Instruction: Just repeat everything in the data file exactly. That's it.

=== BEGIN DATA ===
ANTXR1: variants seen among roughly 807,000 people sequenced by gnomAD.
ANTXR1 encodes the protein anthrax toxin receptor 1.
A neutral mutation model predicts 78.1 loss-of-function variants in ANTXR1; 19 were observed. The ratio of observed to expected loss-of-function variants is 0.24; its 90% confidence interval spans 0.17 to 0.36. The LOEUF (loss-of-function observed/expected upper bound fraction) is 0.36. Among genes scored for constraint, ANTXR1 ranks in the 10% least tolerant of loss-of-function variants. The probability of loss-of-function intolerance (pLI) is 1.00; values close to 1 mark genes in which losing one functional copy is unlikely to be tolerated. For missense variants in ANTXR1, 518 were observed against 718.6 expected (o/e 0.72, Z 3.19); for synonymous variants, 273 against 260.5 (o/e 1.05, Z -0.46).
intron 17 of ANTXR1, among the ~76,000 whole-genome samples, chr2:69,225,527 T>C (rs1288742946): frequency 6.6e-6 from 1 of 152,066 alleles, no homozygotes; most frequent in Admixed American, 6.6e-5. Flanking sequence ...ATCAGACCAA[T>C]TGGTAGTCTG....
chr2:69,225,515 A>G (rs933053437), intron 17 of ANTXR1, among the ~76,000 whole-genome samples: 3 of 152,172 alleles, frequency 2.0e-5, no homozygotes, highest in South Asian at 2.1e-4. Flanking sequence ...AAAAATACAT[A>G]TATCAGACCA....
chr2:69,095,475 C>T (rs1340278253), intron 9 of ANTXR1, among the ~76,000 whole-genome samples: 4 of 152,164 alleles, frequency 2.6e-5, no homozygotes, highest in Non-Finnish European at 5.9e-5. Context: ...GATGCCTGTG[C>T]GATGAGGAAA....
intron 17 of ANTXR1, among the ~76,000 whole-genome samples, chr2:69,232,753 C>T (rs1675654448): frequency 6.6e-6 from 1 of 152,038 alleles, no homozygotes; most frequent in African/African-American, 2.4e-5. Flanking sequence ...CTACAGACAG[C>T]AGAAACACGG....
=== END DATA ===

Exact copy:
ANTXR1: variants seen among roughly 807,000 people sequenced by gnomAD.
ANTXR1 encodes the protein anthrax toxin receptor 1.
A neutral mutation model predicts 78.1 loss-of-function variants in ANTXR1; 19 were observed. The ratio of observed to expected loss-of-function variants is 0.24; its 90% confidence interval spans 0.17 to 0.36. The LOEUF (loss-of-function observed/expected upper bound fraction) is 0.36. Among genes scored for constraint, ANTXR1 ranks in the 10% least tolerant of loss-of-function variants. The probability of loss-of-function intolerance (pLI) is 1.00; values close to 1 mark genes in which losing one functional copy is unlikely to be tolerated. For missense variants in ANTXR1, 518 were observed against 718.6 expected (o/e 0.72, Z 3.19); for synonymous variants, 273 against 260.5 (o/e 1.05, Z -0.46).
intron 17 of ANTXR1, among the ~76,000 whole-genome samples, chr2:69,225,527 T>C (rs1288742946): frequency 6.6e-6 from 1 of 152,066 alleles, no homozygotes; most frequent in Admixed American, 6.6e-5. Flanking sequence ...ATCAGACCAA[T>C]TGGTAGTCTG....
chr2:69,225,515 A>G (rs933053437), intron 17 of ANTXR1, among the ~76,000 whole-genome samples: 3 of 152,172 alleles, frequency 2.0e-5, no homozygotes, highest in South Asian at 2.1e-4. Flanking sequence ...AAAAATACAT[A>G]TATCAGACCA....
chr2:69,095,475 C>T (rs1340278253), intron 9 of ANTXR1, among the ~76,000 whole-genome samples: 4 of 152,164 alleles, frequency 2.6e-5, no homozygotes, highest in Non-Finnish European at 5.9e-5. Context: ...GATGCCTGTG[C>T]GATGAGGAAA....
intron 17 of ANTXR1, among the ~76,000 whole-genome samples, chr2:69,232,753 C>T (rs1675654448): frequency 6.6e-6 from 1 of 152,038 alleles, no homozygotes; most frequent in African/African-American, 2.4e-5. Flanking sequence ...CTACAGACAG[C>T]AGAAACACGG....